*North & East Europe only
With a dozen albums to his credit, Kyle Eastwood did not give up on his desire. If he appeared younger, on the screens, he decided at the end of adolescence to devote himself to jazz. While composing several songs for his father (Mystic River, Million Dollar Baby or Letters From Iwo Jima), he confirmed his career as a leader over the years. Bass and double bass player, he remains faithful to a traditional and melodic approach to jazz, which he often enriches with lyrical ornaments. “Cinema is my second passion,” he admits. It seemed natural, therefore, that today his quintet leans on original film tracks.
The album opens with Bullit, famous for its run-and-chase through the streets of San Francisco, whose soundtrack is by Lalo Schiffrin. A rousing version, where Kyle Eastwood’s double bass stands out from the ensemble, setting the stage for Andrew Mccormack’s jocose piano. Then comes the theme to Taxi Driver, written by Bernard Hermann, Alfred Hitchcock’s composer, whose disturbing introduction recalls the ride of Travis (Robert de Niro), at night in a New York taxi. To do this, saxophonist Brandon Allen and trumpeter Quentin Collins revive a melody known to all. In the company of the singer Camille Bertault, the quintet also gives a rhythmic rereading of the Les moulins de mon coeur, a nostalgic hymn by Michel Legrand.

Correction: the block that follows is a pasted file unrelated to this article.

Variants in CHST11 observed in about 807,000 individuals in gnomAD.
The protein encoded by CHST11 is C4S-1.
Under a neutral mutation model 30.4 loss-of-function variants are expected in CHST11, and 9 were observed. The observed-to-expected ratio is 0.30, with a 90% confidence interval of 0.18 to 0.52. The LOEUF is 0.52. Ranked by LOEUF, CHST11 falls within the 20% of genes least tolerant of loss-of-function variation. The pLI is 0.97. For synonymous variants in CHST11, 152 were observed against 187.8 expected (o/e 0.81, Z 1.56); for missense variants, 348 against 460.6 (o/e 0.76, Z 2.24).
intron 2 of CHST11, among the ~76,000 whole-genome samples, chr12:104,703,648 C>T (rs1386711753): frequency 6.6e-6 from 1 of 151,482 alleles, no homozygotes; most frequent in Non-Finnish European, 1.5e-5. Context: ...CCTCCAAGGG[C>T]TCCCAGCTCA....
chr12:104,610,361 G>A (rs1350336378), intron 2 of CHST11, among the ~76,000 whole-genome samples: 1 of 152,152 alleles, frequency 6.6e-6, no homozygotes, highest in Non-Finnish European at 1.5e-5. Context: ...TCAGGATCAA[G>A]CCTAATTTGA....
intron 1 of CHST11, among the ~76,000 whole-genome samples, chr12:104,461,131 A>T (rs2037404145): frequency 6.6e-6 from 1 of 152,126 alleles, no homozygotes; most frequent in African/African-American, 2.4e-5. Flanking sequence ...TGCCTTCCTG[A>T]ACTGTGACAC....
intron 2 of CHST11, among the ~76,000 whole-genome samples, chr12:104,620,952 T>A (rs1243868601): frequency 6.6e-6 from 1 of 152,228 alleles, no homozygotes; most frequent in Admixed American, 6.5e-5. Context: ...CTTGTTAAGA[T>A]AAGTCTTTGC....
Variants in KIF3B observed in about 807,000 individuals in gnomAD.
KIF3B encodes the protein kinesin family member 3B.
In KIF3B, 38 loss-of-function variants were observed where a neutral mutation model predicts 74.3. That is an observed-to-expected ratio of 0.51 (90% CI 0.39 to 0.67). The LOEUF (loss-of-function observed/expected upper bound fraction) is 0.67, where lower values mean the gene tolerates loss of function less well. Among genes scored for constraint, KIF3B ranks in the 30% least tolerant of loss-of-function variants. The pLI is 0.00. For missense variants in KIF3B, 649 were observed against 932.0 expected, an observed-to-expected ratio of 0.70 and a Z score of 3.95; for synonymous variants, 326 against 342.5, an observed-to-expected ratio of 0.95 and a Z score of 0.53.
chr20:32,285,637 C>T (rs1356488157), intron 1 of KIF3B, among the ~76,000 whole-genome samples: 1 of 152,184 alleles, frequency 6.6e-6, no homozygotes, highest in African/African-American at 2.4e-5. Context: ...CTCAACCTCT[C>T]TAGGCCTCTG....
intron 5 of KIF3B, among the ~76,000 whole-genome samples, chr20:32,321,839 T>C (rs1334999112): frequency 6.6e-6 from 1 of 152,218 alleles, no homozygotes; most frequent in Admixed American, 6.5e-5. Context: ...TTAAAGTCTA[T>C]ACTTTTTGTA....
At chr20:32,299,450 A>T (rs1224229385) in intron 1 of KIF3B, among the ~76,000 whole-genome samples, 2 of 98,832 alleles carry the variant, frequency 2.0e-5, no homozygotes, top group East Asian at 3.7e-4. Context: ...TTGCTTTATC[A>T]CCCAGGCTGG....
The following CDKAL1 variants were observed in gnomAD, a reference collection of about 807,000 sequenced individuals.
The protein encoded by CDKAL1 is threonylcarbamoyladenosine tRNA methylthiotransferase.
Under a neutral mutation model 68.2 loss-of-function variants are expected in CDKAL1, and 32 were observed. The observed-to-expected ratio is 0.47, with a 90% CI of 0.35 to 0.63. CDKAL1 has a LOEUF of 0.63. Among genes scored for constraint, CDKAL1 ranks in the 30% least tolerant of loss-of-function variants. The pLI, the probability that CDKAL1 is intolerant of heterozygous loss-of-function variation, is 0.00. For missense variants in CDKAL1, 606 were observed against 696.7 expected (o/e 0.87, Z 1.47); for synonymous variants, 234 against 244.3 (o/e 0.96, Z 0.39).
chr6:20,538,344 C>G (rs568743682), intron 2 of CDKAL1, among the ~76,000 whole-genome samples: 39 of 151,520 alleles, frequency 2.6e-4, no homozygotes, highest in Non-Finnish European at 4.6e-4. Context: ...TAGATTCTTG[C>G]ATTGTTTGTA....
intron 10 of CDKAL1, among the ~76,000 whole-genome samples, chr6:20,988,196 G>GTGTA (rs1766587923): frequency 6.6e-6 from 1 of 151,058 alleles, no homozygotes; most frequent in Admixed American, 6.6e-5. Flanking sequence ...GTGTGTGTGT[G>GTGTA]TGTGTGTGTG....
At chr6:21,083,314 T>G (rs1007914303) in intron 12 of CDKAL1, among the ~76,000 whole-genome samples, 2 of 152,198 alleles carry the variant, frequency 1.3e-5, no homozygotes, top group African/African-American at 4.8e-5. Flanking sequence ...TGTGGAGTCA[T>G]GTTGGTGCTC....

John Williams wrote the next theme, The Eiger Sanction, for Clint Eastwood. No symphonic orchestration, important to the main composer of George Lucas, but a tightened formation, which distinguished the sensual play of the pianist Andrew Mccormack. As for the brass, always in unison, they redouble their vigor. Melancholy is not forgotten, thanks to the caressing voice of the singer Hugh Coltman, on the theme of Gran Torino, composed by Eastwood father and son. The band doesn’t miss a bit of humour either, with Henry Mancini’s classic, Pink Panther Theme. Listening to it, one is surprised to think that this remake was first a work of refined jazz.
No movie soundtrack without Ennio Morricone, who designed the ballad for the feature film Vertiges (original title Per Le Antiche Scale). All the poetry of the Italian genius is subtly evoked by the pianist of the group, very sensitive to the play of Kyle Eastwood.
He masters another piece of music by Henry Mancini: the one from the film Charade, by the late Stanley Donen, who directed Audrey Hepburn, immersed in a disturbing story. Perfectly united, the musicians give a challenging interpretation of this theme, transcended by the daring arrangements of Brandon Allen.
2022 upon request